August 14, 1999 This article by the Bank's visiting economist examines the role of money in the transmission of monetary policy. Professor Laidler argues against the view of money as a passive variable that reacts to changes in prices, output, and interest rates but has no direct causative effect on them. He maintains that the empirical evidence supports the view of money playing an active role in the transmission mechanism. While he agrees that individual monetary aggregates can be difficult to read because of instabilities in the demand-for-money function, he argues that monetary aggregates, particularly those relating to transactions money, should have a more significant place in the hierarchy of policy variables that the Bank considers when formulating monetary policy.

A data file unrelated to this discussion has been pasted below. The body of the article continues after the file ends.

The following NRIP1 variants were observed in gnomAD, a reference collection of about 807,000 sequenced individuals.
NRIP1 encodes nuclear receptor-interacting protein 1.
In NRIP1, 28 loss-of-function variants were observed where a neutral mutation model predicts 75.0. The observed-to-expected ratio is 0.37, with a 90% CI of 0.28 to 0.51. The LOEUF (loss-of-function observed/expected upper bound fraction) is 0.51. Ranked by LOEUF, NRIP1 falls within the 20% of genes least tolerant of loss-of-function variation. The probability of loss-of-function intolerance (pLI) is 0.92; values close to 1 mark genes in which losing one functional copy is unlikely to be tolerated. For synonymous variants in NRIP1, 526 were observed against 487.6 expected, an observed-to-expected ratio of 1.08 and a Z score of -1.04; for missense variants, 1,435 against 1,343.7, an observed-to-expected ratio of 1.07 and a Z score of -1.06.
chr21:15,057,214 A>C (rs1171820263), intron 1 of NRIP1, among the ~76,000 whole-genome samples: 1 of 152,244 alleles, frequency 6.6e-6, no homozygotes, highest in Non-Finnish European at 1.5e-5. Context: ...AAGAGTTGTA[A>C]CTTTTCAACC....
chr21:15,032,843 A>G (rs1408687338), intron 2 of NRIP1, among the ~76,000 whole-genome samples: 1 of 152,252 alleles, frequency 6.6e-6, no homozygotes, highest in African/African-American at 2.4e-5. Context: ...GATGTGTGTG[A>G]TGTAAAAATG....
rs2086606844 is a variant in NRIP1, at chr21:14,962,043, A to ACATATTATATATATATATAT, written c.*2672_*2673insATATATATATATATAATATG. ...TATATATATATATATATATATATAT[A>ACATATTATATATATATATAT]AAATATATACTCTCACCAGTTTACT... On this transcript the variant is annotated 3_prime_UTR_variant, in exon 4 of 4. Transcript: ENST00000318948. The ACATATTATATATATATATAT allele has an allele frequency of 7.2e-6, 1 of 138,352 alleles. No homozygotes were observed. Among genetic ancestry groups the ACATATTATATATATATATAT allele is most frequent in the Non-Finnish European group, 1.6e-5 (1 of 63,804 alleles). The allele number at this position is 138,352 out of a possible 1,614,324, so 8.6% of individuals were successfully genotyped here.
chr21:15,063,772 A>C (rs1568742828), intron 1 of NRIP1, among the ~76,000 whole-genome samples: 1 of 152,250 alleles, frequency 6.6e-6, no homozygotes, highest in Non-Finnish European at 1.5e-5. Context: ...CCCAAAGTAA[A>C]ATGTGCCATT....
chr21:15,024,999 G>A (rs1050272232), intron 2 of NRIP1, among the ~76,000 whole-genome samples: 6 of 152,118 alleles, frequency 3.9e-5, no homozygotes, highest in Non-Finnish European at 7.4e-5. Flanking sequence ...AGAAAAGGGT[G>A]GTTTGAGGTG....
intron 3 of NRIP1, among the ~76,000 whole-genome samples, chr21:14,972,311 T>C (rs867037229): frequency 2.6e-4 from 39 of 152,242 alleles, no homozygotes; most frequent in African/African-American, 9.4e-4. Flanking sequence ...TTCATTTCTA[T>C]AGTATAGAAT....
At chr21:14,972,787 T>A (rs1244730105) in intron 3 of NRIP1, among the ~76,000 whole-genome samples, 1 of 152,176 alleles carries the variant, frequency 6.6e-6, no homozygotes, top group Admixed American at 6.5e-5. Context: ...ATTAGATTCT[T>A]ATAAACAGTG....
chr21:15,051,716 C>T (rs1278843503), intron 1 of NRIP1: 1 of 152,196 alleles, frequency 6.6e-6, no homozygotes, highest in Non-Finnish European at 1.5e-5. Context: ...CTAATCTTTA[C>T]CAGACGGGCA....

The relationships among the quantity theory of money, monetarism and policy regimes based on money-growth and inflation targeting are briefly discussed as a prelude to an exposition of alternative views of money's role in the transmission mechanism of monetary policy. The passive-money view treats the money supply as an endogenous variable that plays no role […]